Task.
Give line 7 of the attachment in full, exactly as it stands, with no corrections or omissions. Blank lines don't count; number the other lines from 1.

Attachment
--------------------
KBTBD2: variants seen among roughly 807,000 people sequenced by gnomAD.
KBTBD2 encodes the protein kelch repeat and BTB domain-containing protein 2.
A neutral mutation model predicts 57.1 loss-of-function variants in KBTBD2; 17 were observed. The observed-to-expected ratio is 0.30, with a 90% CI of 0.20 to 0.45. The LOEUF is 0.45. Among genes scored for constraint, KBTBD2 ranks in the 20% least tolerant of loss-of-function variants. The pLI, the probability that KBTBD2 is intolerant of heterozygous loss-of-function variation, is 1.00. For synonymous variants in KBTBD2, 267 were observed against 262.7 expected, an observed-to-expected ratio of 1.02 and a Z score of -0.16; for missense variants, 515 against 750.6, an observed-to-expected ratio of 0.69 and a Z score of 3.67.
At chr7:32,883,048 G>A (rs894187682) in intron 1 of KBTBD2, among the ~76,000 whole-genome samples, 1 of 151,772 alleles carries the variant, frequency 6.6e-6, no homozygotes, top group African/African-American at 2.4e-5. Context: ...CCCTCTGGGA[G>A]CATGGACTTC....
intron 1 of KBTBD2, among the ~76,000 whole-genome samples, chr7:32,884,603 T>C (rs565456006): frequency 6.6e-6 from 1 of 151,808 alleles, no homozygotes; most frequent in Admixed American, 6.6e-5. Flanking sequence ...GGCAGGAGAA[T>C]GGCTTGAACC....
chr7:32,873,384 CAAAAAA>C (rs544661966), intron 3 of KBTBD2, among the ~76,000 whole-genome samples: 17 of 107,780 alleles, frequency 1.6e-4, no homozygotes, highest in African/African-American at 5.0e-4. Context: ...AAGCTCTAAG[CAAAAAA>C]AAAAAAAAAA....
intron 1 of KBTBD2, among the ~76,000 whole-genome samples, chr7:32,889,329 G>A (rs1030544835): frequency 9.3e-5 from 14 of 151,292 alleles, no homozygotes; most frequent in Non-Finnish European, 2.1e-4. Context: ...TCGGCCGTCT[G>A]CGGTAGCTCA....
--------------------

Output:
intron 1 of KBTBD2, among the ~76,000 whole-genome samples, chr7:32,889,329 G>A (rs1030544835): frequency 9.3e-5 from 14 of 151,292 alleles, no homozygotes; most frequent in Non-Finnish European, 2.1e-4. Context: ...TCGGCCGTCT[G>A]CGGTAGCTCA....